If by Sunday Kavanaugh has not been confirmed, then we may have another reason to be grateful for what Christine Blasey Ford accomplished yesterday, but if the worst does happen, Professor Ford will still be able to hold her head high for a longer period of time than Lindsey Graham or any of the other Republicans who, this morning, are still trying to brush the boot polish off their tongues.

The utter desperation of Brett Kavanaugh is evidence of the effort Republicans have invested in him.

If Brett Kavanaugh had bought network time to sell himself to the American people, I would not be as disappointed as I am today.

Sitting for a Monday evening interview on Fox News—the network which serves as Trump’s Chief-of Staff and legal advisor—Kavanaugh has now erased what was becoming a very blurry line between running for political office and standing for a seat on the Supreme Court.

There’s no more line: he’s running for office. As a Republican.

And his desperation—all the favors he owes to all the people who got him there and all the secrets he’s been able to hide—scares me as much as any policy tendencies he’s shown. He will not withdraw; he can’t. Too many millions of dollars and too many conservative think-tank hours have been utilized to get him this far. McConnell knows it. He owes people a confirmation. So does Graham. The pressure is on.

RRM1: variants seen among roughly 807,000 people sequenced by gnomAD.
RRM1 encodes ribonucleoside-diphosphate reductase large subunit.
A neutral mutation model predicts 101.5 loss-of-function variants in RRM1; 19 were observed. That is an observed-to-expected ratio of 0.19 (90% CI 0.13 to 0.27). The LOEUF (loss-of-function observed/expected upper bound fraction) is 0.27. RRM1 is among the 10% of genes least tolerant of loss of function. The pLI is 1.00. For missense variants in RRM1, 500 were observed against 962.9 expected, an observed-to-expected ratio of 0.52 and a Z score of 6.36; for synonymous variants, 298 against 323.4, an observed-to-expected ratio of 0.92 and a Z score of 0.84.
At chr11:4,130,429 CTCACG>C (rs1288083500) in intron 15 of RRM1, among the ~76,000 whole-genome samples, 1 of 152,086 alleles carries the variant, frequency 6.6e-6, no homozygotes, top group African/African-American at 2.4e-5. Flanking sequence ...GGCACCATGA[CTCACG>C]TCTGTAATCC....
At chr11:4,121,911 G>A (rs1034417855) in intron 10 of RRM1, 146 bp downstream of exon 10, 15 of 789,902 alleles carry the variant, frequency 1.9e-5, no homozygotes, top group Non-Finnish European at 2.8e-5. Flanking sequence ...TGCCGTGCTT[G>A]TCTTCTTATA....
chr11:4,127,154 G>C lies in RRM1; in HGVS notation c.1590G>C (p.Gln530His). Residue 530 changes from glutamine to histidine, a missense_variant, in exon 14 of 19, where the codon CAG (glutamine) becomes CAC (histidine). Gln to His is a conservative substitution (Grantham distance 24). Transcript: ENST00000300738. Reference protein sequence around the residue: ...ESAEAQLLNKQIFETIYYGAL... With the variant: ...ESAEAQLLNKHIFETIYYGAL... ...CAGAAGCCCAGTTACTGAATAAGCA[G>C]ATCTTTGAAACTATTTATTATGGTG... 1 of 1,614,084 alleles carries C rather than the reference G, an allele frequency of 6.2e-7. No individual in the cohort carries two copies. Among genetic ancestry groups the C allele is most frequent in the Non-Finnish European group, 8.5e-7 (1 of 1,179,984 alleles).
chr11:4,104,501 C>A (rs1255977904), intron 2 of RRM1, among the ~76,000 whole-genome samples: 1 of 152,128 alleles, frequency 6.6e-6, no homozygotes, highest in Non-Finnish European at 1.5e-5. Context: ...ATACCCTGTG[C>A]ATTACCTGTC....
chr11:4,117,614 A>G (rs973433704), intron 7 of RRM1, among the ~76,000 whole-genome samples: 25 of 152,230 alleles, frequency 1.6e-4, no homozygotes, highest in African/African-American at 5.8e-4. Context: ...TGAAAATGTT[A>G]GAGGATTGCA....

Kavanaugh has been either circumspect or cunning about his past—the word choice is up to you: that much was evidenced by a sea of almost laughably evasive responses to committee questions; but the Fox appearance, his robotic comments and passionless defense, were awful to witness. As Jeff Greenfield pointed out in Politico, this was Kavanaugh’s “Checkers speech,”

It didn’t work for Nixon; it shouldn’t work for Kavanaugh.

I haven’t even mentioned the charges of sexual misconduct, but though that has everybody charged up, it’s just a piece of a larger picture which the Republicans don’t want assembled but apparently will be anyway. And yes, I do fear the nomination of someone even further right than Kavanaugh, but we can fight only one battle at a time.